Thursday, June 26, 2014

Riding the Storm

Last night, after wrapping up a meeting at my church, it was time to go home.

But the wind was howling, the branches lashing about, and the flags on the house across the street snapped angry and horizontal.   The rain came, fat and fierce, a summer storm in the South.  It passed,  and I went out to the bike to head home.

I could see, looking to the southwest in the early summer twilight, that there was more coming.  In my path, the clouds were dark and towering and alive with lightning.  I geared up, put on my overgloves, threw a leg over the Suzuki, and rode towards the storm.

It started hitting hard as I reached the sprawling mansions of Potomac.  Rain in sheets, heavy and relentless.  The water streamed across the road in torrents, impromptu rivers and streams, splashing up in fountains cast by my excellent off road tires, against my legs, cascading down my waterproof boots.

Ahead of me, the cars slowed to a crawl, struggling to see, their wipers flailing wildly.  I have no wiper on my helmet visor.  Just a small blade, embedded in the thumb of my left over glove.  I wiped, but the rain was too intense.  It spattered past my visor, cracked to prevent fogging, and the taste of fresh summer rain filled my mouth.  It was warm and pleasant, the flavor of a water park on a hot day.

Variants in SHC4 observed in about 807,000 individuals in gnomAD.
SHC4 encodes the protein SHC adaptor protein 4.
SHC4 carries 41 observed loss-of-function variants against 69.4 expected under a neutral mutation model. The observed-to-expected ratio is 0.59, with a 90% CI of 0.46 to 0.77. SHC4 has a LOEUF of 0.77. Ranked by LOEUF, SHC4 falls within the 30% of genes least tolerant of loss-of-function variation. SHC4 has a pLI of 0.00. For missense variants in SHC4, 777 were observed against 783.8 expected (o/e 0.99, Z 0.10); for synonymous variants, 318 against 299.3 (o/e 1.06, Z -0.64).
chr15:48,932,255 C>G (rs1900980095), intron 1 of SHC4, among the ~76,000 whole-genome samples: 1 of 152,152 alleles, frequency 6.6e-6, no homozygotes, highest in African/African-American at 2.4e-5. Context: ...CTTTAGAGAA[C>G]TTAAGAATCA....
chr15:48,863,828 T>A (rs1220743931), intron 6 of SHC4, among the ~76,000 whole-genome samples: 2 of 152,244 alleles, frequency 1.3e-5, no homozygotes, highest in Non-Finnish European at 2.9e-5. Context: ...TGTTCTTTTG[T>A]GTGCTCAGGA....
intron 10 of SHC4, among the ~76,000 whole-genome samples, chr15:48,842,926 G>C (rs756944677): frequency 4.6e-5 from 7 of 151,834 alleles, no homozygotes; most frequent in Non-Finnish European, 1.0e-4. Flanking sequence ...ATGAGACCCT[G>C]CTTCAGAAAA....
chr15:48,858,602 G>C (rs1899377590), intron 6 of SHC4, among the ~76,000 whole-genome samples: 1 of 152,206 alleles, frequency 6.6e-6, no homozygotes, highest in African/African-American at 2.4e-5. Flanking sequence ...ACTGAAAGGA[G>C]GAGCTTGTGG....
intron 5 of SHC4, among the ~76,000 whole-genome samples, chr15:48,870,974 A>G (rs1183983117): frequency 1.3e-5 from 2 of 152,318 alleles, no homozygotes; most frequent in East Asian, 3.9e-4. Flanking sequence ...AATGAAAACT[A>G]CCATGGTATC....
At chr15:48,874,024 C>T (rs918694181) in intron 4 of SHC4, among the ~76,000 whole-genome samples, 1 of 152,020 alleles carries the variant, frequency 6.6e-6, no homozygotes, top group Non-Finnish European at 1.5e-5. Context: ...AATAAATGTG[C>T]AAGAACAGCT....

I followed the lights of the car ahead, half-seeing, my world a moist, incoherent blur.

Ahead was the highway, the Beltway.  I pulled onto eight lanes of open road, as the cars around me struggled with the downpour, the darkness, and the blinding rain.  And I got to the far left, and I opened it up.  The Suzuki snarled forward on her eager little engine.

Because I have ridden for a lifetime, I knew the reason I could not see the road ahead: I was moving too slowly.   I forced my way into the storm, and the wind of my progress drove the water from before my eyes.

The visor cleared, the beaded rain streaming away.  I could see again.

I pulled onto the high occupancy toll lanes, empty but for myself.

The road home was clear, and I rode on into the rain, as the lightning danced all around like fireworks.


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